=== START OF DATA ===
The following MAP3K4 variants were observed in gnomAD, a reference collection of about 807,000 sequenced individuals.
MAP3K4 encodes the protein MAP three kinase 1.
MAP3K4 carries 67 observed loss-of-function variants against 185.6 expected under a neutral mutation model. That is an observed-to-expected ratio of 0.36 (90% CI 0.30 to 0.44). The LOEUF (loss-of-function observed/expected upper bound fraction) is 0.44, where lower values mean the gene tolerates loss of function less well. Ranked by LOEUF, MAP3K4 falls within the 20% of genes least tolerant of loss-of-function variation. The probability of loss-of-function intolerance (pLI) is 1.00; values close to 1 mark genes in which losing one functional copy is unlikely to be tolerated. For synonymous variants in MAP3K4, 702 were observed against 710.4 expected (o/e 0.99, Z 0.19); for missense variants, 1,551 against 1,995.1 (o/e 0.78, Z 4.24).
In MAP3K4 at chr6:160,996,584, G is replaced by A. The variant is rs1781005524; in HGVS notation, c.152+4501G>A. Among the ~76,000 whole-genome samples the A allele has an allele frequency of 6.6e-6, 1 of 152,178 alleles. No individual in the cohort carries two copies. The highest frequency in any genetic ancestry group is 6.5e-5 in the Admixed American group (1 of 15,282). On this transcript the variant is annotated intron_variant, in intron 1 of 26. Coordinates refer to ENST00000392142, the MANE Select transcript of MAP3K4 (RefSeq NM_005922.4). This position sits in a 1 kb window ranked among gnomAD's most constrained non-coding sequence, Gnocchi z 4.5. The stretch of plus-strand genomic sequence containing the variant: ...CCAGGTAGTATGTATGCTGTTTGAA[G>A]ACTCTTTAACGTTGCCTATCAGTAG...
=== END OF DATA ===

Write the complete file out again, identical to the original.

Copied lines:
The following MAP3K4 variants were observed in gnomAD, a reference collection of about 807,000 sequenced individuals.
MAP3K4 encodes the protein MAP three kinase 1.
MAP3K4 carries 67 observed loss-of-function variants against 185.6 expected under a neutral mutation model. That is an observed-to-expected ratio of 0.36 (90% CI 0.30 to 0.44). The LOEUF (loss-of-function observed/expected upper bound fraction) is 0.44, where lower values mean the gene tolerates loss of function less well. Ranked by LOEUF, MAP3K4 falls within the 20% of genes least tolerant of loss-of-function variation. The probability of loss-of-function intolerance (pLI) is 1.00; values close to 1 mark genes in which losing one functional copy is unlikely to be tolerated. For synonymous variants in MAP3K4, 702 were observed against 710.4 expected (o/e 0.99, Z 0.19); for missense variants, 1,551 against 1,995.1 (o/e 0.78, Z 4.24).
In MAP3K4 at chr6:160,996,584, G is replaced by A. The variant is rs1781005524; in HGVS notation, c.152+4501G>A. Among the ~76,000 whole-genome samples the A allele has an allele frequency of 6.6e-6, 1 of 152,178 alleles. No individual in the cohort carries two copies. The highest frequency in any genetic ancestry group is 6.5e-5 in the Admixed American group (1 of 15,282). On this transcript the variant is annotated intron_variant, in intron 1 of 26. Coordinates refer to ENST00000392142, the MANE Select transcript of MAP3K4 (RefSeq NM_005922.4). This position sits in a 1 kb window ranked among gnomAD's most constrained non-coding sequence, Gnocchi z 4.5. The stretch of plus-strand genomic sequence containing the variant: ...CCAGGTAGTATGTATGCTGTTTGAA[G>A]ACTCTTTAACGTTGCCTATCAGTAG...